a mechanism which restricts the flow of damping oil inside the fork leg to slow down the rate of compression. A hefty cast aluminium alloy brace bolted to the sliders ensure that the rebound damping forces, available only on the right leg, and the anti-dive forces, available only on the left-hand leg, are distributed evenly across the front suspension. Jolly clever eh? Well, not entirely. Now as then it’s hard to tell any real difference between the three rebound settings; the air pressure, variable between 0 and 6psi does not noticeably alter the behaviour of the front-end. On the plus side though, the anti-dive mechanism does work quite well, and helps when braking late and hard for corners. The rear suspension unit is adjustable for rebound and preload and – like the front – is controlled by air pressure. Changing the rebound settings seemed to make little difference so I left it on number three of the four positions. Air pressure is topped up via a Schrader valve on the end of a tube which lurks behind the left-hand side panel. Recommended pressure is 7-43psi. Even at maximum, it was too softly sprung at the rear, but that’s how they were back then, which is probably preferable to the Italian ‘the harder the better’ approach of the time, often tricking you into thinking that someone had bolted the base of your spine directly to the chassis. If you want to get serious about improving the handling, a modern rear unit would help a lot, as would some serious attention to the front forks. Despite these shortcomings, the Honda handles well enough to keep more up-to-date bikes honest on twisty roads. It turns in quickly. The fashionable at the time 16in front wheel helps here. The front-end is stable enough to let you trail brake into corners if you feel the urge. It holds the line well driving hard out of bends. It does wallow a bit in long, fast curves. Dialling in more power does not help in this situation but the weaving stops a long way short of being scary. Tyre pressures proved critical. They need to be at the originally specified 32psi front and rear. Even a few pounds more and the handling starts to feel vague in slow corners and the tendency to weave is magnified in fast corners. In a straight line it is stable all the way through to the top speed. I was pleased with the Bridgestone BT45S. They gave excellent grip, wet or dry, and on two occasions when I was being stupid, their behaviour while sliding saved my sorry carcass. The brakes also work well. They have enough power and feedback to keep you confident and safe. Both front and rear are twin-piston, sliding caliper units. They do not have the outright power of opposed piston calipers, but provided you keep the pins on which they slide clean and properly lubricated, they are fine. The chassis is fashioned from square tubing, more correctly known as RHS (rectangular hollow section). RHS tubing, in both steel and aluminium alloy, was becoming popular for racing frames in the 1980s. It had the advantage of maintaining its strength when bent in multiple planes without the need for the additional bracing that would be required with round tube. Fashion and function were hand-in-hand with the VF chassis, and it was the start of a trend that would be widely adopted for road bikes over the next few years. Honda used steel RHS tube as did Yamaha for its 1985 FZ750. Suzuki went one better, using aluminium alloy RHS on its mould-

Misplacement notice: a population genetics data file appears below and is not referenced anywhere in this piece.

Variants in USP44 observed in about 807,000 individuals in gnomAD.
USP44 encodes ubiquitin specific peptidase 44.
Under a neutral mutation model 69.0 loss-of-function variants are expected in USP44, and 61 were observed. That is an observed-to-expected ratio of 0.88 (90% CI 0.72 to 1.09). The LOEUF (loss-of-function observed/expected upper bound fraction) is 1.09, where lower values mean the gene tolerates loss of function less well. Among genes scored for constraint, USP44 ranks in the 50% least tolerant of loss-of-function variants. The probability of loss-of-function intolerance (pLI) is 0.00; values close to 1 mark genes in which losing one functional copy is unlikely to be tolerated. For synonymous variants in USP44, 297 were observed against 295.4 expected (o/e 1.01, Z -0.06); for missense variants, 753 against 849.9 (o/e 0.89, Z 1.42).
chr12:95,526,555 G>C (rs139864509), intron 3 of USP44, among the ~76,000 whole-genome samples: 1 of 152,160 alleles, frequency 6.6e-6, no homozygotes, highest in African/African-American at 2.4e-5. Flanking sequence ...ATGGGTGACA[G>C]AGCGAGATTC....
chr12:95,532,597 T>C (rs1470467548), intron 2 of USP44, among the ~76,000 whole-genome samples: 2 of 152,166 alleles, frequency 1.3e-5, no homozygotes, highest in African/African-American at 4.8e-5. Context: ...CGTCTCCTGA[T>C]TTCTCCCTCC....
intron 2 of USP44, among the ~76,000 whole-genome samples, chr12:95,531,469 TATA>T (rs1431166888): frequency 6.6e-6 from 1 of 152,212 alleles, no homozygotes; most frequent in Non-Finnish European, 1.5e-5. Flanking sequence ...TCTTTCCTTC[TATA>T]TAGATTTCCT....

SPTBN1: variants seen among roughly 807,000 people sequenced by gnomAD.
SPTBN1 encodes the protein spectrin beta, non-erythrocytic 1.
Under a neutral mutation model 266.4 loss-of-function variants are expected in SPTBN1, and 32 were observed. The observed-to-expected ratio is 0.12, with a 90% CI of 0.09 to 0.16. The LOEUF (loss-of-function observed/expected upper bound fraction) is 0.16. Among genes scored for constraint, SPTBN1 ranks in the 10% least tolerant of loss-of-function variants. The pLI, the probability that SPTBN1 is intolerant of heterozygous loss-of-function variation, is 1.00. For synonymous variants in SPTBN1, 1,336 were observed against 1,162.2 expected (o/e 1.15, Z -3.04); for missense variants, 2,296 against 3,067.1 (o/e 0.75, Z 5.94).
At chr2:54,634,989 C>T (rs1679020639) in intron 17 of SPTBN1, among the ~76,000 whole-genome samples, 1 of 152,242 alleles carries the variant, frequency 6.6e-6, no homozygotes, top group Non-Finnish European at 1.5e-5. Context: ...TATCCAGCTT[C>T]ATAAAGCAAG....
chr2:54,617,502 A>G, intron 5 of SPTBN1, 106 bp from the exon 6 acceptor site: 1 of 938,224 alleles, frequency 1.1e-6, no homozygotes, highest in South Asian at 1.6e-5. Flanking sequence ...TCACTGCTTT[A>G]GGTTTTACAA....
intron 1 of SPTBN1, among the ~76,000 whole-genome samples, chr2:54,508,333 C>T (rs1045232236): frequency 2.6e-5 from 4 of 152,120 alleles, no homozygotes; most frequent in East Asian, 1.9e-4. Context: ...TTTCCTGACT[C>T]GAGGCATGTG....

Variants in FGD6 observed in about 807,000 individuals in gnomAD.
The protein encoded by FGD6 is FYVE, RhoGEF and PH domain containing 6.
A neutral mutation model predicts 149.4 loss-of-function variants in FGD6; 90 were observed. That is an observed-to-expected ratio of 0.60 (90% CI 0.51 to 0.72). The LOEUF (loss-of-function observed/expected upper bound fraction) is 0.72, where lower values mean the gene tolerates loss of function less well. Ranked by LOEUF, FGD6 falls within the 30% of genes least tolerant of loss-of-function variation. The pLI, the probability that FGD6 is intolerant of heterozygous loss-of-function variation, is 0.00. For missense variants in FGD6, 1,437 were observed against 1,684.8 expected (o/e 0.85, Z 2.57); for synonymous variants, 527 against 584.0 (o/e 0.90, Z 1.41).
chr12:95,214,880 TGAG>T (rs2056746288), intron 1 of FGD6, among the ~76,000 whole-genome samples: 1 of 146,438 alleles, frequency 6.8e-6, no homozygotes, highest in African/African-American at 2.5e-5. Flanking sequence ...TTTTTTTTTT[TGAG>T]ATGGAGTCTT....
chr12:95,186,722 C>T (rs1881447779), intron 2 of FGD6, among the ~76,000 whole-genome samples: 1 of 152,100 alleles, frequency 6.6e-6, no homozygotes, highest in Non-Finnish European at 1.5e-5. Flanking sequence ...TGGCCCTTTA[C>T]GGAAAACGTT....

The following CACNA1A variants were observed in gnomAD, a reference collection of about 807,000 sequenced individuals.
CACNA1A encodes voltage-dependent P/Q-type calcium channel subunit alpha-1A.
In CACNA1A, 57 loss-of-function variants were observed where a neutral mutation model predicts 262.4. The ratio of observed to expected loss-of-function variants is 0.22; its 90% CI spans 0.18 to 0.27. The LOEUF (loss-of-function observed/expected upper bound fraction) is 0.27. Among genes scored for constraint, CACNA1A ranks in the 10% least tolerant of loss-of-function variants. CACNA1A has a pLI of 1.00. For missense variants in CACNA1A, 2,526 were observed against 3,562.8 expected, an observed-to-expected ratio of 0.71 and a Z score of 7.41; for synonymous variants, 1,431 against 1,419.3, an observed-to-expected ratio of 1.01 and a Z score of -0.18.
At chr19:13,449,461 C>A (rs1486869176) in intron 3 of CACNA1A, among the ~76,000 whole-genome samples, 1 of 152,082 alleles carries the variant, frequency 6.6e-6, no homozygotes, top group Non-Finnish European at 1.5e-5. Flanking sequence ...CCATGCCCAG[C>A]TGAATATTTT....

breaking GSX-R750. In common with many Hondas of the period, the VF runs Comstar wheels. The Comstar consists of an aluminium alloy rim attached to the hub by either aluminium alloy or steel spokes, depending on the model. The VF uses aluminium alloy spokes. The thinking behind the Comstar was that it gave the flex and feel of a spoked wheel while offering the strength of a cast wheel. It was not a design that survived: it became a victim of advancing technology, fashion and the need to keep manufacturing costs under control. In their anodised gold finish, the wheels on the VF look great, the only drawback being that they are utter sods to clean. The Honda is an easy bike to live with. Maintenance is straightforward. Most stuff is easy to get at but you do have to remove the radiators to get at the front pair of cylinders for valve clearance adjustment. Getting the cam-cover off the rear bank is also quite a fiddle. And finally, 35 years on from its first appearance, it looks absolutely ace. The lines flow sweetly. It is a timeless design. Finding one is not so easy. With a short production life (1983 to 1985) and a spoilt reputation due to the early problems with the camshafts, not many VFS survived and even fewer have been well cared for. They are about as hard to find as a GSX-R slabby or an original FZ. Prices vary widely. Top asking price is around the £4000 mark, although I do not know if those prices are being achieved. You get the occasional decent one for a couple of thousand. I picked this one up complete but needing work with another in bits for under a grand: lucky me! I neither know nor care if it will become a valuable classic. What I can say is that it’s a delightful, usable bike which combines classic appeal with everyday practicality and that will do for me. cmm
Once maligned and now mighty: the VF750, not our Jim!
Initially troubled but later triumphant motor and layout.